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March 21, 2016 How to Organize an Amazing Art Show at Your School By Shari Carter
Grades PreK–K, 1–2, 3–5, 6–8

    "Art does not solve problems, but makes us aware of their existence," sculptor Magdalena Abakanowicz has said. Arts education, on the other hand, does solve problems. Years of research show that it's closely linked to almost everything that we as a nation say we want for our children and demand from our schools: academic achievement, social and emotional development, civic engagement, and equitable opportunity. Edutopia, 2016

    Children at our school are fortunate to take part in engaging art activities and lessons on a regular basis. In fact, most of our classrooms are privileged to have art parents who come in once or twice a month to teach art (and just in case you’re wondering if they are good, they are amazing!). These fabulous art parents are passionate about teaching the arts, and when they come in to teach, they meet Common Core State Standards, are well prepared, and are joyful when they share their love of the arts with our students. 

    Kim Roth and Whitney Fredin are two art parents at our school who have taken their passion for the fine arts to a higher level. They are the art show coordinators at our school, and just two weeks ago, they pulled off yet another inspiring event! We had a great turnout and after spending the night looking at all the student art and seeing the countless families who attended, I just couldn’t help thinking that every school should have an art show like ours!

    I asked Kim and Whitney if they could share some of the tips on how to have a successful art show and they couldn’t be more excited to share their thoughts with you!

     

    Kim and Whitney’s Recommendations

    • Collaborative Projects

    The success of any art show is making it something that everyone has a part in. To achieve this goal we have had collaborative projects where the entire school creates a piece of art for display. This year our project was Chihuly-inspired coffee filter art. As people enter the art show, the very first thing they see is this beautiful hallway.

    To create this art piece, each student in our school designed a coffee filter using markers — the key is to make sure to completely color the filter. When the students' completed their designs, they used Styrofoam cups to form their free-form sculptures. When the kids had their sculptures in the form they wanted, our art parents sprayed them with spray starch. Later, we attached the coffee filter sculptures (with glue dots) to butcher paper and hung from the ceiling.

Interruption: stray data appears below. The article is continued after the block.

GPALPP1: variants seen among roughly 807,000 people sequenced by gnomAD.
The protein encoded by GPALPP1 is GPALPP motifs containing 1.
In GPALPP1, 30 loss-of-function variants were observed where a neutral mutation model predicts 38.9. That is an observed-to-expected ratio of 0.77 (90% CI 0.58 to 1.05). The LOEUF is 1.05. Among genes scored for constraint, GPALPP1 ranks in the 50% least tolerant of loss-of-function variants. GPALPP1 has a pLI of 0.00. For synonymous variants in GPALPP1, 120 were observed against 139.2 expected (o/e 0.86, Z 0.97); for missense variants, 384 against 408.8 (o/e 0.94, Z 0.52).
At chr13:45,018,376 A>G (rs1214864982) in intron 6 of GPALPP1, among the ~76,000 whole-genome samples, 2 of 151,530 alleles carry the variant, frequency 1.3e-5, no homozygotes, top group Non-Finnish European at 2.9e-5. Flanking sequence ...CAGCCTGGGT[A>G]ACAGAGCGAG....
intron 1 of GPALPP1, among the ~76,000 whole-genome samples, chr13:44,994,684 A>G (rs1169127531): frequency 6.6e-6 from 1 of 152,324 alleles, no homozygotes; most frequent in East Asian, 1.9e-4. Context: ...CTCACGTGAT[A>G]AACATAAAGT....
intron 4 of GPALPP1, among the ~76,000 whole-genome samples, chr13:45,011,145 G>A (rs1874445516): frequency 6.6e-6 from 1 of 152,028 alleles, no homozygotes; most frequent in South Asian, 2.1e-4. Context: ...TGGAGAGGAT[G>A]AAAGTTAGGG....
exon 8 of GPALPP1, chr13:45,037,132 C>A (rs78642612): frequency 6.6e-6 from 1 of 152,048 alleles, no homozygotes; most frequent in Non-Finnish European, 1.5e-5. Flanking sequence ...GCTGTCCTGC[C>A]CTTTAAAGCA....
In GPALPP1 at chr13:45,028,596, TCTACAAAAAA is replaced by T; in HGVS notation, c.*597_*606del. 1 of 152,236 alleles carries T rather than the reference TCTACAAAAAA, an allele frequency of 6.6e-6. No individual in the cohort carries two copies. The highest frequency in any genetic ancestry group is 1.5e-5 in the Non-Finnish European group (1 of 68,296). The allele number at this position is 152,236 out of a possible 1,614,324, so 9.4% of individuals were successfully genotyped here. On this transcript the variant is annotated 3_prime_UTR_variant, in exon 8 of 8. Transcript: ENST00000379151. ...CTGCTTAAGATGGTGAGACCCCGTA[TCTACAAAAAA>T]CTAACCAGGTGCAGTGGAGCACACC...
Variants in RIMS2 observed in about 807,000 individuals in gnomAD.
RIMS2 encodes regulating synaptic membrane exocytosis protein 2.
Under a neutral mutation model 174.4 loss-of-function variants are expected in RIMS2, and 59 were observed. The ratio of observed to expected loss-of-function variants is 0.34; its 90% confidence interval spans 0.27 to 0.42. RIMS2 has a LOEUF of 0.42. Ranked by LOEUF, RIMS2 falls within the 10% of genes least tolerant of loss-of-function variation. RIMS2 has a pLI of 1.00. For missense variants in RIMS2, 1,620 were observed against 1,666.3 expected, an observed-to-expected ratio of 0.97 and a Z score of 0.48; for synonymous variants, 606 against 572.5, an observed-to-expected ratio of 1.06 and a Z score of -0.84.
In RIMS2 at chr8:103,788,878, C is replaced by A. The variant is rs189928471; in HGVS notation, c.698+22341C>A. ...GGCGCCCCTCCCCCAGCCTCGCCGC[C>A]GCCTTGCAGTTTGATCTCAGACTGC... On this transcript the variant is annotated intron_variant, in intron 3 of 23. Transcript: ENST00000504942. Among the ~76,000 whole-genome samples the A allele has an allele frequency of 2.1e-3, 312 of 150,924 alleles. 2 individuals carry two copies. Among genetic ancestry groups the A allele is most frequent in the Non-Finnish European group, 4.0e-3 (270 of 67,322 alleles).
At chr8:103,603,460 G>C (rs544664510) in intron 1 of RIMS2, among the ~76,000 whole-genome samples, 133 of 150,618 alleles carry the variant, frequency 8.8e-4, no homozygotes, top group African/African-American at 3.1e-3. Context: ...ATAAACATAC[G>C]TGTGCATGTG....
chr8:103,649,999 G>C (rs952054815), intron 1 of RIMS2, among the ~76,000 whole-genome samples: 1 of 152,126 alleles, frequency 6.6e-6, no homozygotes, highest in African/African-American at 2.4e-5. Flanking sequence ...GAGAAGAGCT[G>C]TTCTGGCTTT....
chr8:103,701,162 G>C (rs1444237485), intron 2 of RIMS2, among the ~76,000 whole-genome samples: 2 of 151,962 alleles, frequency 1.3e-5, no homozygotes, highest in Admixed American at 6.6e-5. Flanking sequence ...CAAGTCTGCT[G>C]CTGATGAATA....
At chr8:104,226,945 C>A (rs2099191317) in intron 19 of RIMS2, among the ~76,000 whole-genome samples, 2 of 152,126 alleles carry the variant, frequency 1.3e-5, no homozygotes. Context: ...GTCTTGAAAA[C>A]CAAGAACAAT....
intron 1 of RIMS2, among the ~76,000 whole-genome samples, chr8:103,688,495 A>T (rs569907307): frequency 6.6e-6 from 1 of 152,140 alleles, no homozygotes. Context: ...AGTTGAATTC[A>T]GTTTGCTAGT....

The trick to having a successful collaborative art display is finding a simple project where the instructions and all materials are delivered to each classroom. It should not be a large time-consuming project, as that tends to be stressful for the less artistic teachers. This project is always a favorite amongst the kids and can really make a strong statement and impact coming into a hallway.

    • Give Teachers Plenty of Notice and Advertise

    One key element to art show success is to give your teachers plenty of advanced warning. It is important to be very clear when working with teachers on what you would like them to do, including all the deadlines and necessary steps that they will need to take. We try to let the teachers know at the beginning of year that there will be an art show and to save favorite pieces of the kids' art. If art is saved throughout the year, then there is plenty to choose from when it is time to display. Some of our teachers prefer to save art projects their whole class has made, while others like to have their students choose their favorite art pieces. When you have student-chosen art displays it is a reflection of the art they have created throughout the year. You would be surprised at all the great things that these young artists produce.

    Getting the word out to our families is critical to the success of your art show. Let them know about the art show early and make sure to send home flyers and put them up all around your school. When designing art show invitations I've tried to do something that is easily printed on colored Bond paper (using the school copy machine), and remembering that less is more.

    • Displaying Artwork

    In terms of artwork display for the shows, we have found that two long strips of butcher paper (same color) hung in the hallways makes a vibrant backdrop to display the classrooms' artwork. We often add many extra display areas of varied colors around the school and ask teachers to fill those spaces up, so our entire school is transformed by art. There is always a portrait gallery as well. The portraits are created sometime during the year (and saved) and then they are labeled and art volunteers add them to the big display. We have hung posters that say things like "These Are the Faces of Art at Andrus Elementary School" next to the displays. There are so many styles and media used to create portraits and that is why this is one of our favorite displays!